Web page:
NatWest Group Plc, the UK lender under the spotlight for closing Nigel Farage’s bank account, has trimmed its guidance for net interest margins this year, underlining the pressure on banks to pass interest rate increases on to savers.
(Bloomberg) — NatWest Group Plc, the UK lender under the spotlight for closing Nigel Farage’s bank account, has trimmed its guidance for net interest margins this year, underlining the pressure on banks to pass interest rate increases on to savers.
The UK’s biggest corporate lender now expects NIM to be around 3.15% for the year, down from previous guidance of 3.2%, following a similar move from Barclays Plc on Thursday.
“The margin guidance is well below consensus as NatWest Group sees a shift from current accounts to time deposits,” Fahed Kunwar, an analyst at Redburn, said in a message. “Overall worries about margins as rates move higher will be compounded by these results.”
The bank reported pretax profit of £1.77 billion ($2.3 billion) for the second quarter, above analyst estimates compiled by Bloomberg of £1.45 billion. The result was up around 27% from a year ago.
NatWest also announced a £500 million share buyback on the open market, adding to the £1.3 billion it’s already bought from the government this year.
The bigger-than-expected buyback pushed shares up 1.8% at 9:56 a.m. in London, paring back their decline over the week to 2.9%.
NatWest is separately trying to defuse the furor about its decision to cut ties with Farage, the politician-turned conservative pundit who had an account with its upmarket Coutts unit. Former Chief Executive Officer Alison Rose admitted speaking to a BBC journalist about the reasons behind that decision, leading the government to indicate her position at the part-nationalized bank was untenable. The CEO of Coutts has also stepped down.
On a media call Friday, interim CEO Paul Thwaite said NatWest’s strategy was working well. Chairman Howard Davies, who Farage says should resign, said he intends to continue to lead the board.
The Brexit campaigner’s account was closed a month ago, sparking a public fight over the bank’s decision. Rose admitted speaking to a BBC journalist about the reasons behind the closure, leading the government to indicate her position at the part-nationalized bank was untenable.
Customer deposits at NatWest were flat at £432.5 billion at the end of the quarter and new mortgage lending declined as British households adjusted to higher interest rates. The bank said it was seeing “increased competition for savings balances.”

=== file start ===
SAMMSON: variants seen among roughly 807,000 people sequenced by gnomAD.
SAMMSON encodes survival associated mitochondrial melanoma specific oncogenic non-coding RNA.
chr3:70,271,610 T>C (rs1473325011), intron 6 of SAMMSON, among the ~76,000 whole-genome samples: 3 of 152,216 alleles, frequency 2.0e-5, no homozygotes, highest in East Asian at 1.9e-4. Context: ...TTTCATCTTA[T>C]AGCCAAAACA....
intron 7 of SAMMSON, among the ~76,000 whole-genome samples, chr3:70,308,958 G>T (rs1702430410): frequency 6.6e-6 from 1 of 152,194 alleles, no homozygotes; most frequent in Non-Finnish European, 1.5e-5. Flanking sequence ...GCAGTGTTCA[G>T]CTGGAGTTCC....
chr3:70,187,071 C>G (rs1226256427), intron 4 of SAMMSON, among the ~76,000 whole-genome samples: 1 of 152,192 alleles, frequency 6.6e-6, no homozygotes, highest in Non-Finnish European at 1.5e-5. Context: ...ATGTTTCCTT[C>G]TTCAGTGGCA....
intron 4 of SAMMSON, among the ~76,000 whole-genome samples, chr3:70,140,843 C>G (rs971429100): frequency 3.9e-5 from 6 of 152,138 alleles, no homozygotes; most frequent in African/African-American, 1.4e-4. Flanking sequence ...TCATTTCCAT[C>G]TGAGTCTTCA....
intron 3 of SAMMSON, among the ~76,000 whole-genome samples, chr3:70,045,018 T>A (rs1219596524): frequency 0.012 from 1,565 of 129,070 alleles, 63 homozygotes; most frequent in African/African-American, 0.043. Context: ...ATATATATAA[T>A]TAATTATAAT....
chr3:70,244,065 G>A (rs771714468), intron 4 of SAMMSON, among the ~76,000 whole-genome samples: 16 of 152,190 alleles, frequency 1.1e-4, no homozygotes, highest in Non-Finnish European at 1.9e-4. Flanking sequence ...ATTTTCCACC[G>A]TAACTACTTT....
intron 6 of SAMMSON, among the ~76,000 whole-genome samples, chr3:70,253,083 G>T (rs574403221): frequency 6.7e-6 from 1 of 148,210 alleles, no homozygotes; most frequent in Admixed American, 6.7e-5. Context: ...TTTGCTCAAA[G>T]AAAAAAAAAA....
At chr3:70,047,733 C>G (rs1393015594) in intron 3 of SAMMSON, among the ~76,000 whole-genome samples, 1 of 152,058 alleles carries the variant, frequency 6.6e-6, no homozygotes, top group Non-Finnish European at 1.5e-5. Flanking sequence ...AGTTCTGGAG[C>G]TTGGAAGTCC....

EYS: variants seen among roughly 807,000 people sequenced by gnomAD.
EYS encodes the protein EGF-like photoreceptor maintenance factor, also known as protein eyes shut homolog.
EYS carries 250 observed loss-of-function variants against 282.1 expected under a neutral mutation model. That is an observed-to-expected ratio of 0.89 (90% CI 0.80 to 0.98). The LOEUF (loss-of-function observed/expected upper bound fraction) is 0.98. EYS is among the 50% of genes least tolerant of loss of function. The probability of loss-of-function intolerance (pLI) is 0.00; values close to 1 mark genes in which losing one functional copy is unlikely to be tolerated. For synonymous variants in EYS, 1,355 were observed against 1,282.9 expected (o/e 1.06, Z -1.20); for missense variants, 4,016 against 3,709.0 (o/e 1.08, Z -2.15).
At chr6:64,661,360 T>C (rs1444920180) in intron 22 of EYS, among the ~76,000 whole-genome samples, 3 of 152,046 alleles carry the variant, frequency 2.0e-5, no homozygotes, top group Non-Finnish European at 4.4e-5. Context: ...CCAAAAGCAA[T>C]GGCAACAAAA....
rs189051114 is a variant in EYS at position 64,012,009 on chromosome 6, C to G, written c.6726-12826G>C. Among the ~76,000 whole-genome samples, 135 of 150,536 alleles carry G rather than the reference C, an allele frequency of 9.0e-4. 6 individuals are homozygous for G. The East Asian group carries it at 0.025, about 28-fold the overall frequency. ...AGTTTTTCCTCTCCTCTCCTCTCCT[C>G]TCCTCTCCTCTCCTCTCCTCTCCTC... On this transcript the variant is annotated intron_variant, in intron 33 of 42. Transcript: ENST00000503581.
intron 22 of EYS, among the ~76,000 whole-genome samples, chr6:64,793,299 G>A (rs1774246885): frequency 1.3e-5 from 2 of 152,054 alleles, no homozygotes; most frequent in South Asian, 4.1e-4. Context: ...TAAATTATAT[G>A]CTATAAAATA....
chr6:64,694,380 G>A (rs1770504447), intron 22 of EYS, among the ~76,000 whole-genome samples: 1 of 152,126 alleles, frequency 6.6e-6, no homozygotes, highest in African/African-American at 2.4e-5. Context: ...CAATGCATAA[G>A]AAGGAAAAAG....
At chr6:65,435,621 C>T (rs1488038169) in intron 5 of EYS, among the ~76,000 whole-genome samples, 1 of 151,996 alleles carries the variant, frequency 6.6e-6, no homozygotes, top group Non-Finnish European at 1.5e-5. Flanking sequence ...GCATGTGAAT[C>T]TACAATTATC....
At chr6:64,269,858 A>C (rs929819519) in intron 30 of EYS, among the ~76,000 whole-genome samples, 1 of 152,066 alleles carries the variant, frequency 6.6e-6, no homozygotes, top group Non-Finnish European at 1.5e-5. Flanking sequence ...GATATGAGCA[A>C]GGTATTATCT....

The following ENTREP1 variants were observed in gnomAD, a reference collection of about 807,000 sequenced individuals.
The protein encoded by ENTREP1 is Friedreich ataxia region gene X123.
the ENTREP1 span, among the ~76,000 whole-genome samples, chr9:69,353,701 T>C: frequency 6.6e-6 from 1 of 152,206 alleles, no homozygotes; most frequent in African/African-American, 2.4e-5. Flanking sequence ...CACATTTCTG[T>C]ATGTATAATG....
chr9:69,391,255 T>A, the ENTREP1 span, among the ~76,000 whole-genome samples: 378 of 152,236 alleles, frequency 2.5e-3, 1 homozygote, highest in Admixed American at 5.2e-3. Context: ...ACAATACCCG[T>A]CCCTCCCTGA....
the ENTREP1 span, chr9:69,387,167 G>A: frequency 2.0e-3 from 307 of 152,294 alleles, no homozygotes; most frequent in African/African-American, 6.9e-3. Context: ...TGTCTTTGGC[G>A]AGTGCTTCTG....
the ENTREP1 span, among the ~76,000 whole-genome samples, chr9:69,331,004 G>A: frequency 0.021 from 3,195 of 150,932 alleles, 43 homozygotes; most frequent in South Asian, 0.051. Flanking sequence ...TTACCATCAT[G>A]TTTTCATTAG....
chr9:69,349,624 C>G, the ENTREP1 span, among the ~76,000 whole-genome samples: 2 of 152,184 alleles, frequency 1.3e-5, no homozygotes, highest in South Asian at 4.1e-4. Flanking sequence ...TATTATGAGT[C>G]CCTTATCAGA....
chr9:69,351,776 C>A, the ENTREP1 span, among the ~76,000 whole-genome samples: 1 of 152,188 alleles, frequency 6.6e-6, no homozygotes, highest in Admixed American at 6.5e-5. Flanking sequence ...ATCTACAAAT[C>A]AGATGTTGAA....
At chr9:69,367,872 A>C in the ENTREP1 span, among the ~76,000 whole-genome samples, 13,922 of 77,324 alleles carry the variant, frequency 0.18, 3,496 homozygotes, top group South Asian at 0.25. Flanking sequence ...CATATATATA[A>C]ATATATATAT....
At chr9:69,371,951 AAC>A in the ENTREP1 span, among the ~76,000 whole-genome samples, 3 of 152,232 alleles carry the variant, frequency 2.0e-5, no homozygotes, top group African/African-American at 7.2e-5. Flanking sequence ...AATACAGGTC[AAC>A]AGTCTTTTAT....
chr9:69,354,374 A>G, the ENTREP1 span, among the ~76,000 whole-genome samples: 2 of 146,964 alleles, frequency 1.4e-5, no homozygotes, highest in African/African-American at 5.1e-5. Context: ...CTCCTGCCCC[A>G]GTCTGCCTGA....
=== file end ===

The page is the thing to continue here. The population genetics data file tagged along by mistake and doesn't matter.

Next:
The Bank of England has raised rates 13 times in an attempt to curb inflation, which has been stuck above the central bank’s target for almost two years, though slowed slightly to 7.9% last month. As lenders earn more on money they hold with the central bank, they have come under increasing pressure from politicians and regulators to pass more of this windfall to their customers.
Impairment charges at NatWest rose to £153 million in the quarter, driven by increased economic uncertainty. That was less than analysts expected and, for now, the bank said “defaults remain stable and at low levels across the portfolio.”
NatWest’s results cap a challenging week for UK banks. Shares in Barclays fell on Thursday after the lender cut its guidance for net interest margin at its retail bank, signaling the boost from rising interest rates was coming to an end. Lloyds Banking Group Plc said on Wednesday its pretax profit fell to £1.6 billion, below estimates.
Once one of the world’s largest banks, NatWest has been transformed into a largely domestic retail lender following a bailout during the 2008 financial crisis. The government owns about 39% of the firm’s shares.
What Bloomberg Intelligence Says:
NatWest’s 2Q net-interest-margin miss of 10 bps and downgraded full-year guidance of 5 bps to 3.15% (similar to the move by Barclays UK) sum up the intensifying pressures in the domestic mortgage and deposit markets, with 2023 consensus revenue set for downgrades. Weakening top-line momentum is likely to take the shine off the announcements of an additional £500 million of share buybacks. The pretax-profit beat reflects lower loan-loss charges, which seem unsustainable.
— Tomasz Noetzel, BI banking analyst
(Updates to add CFO comments, detail from earnings, share price.)
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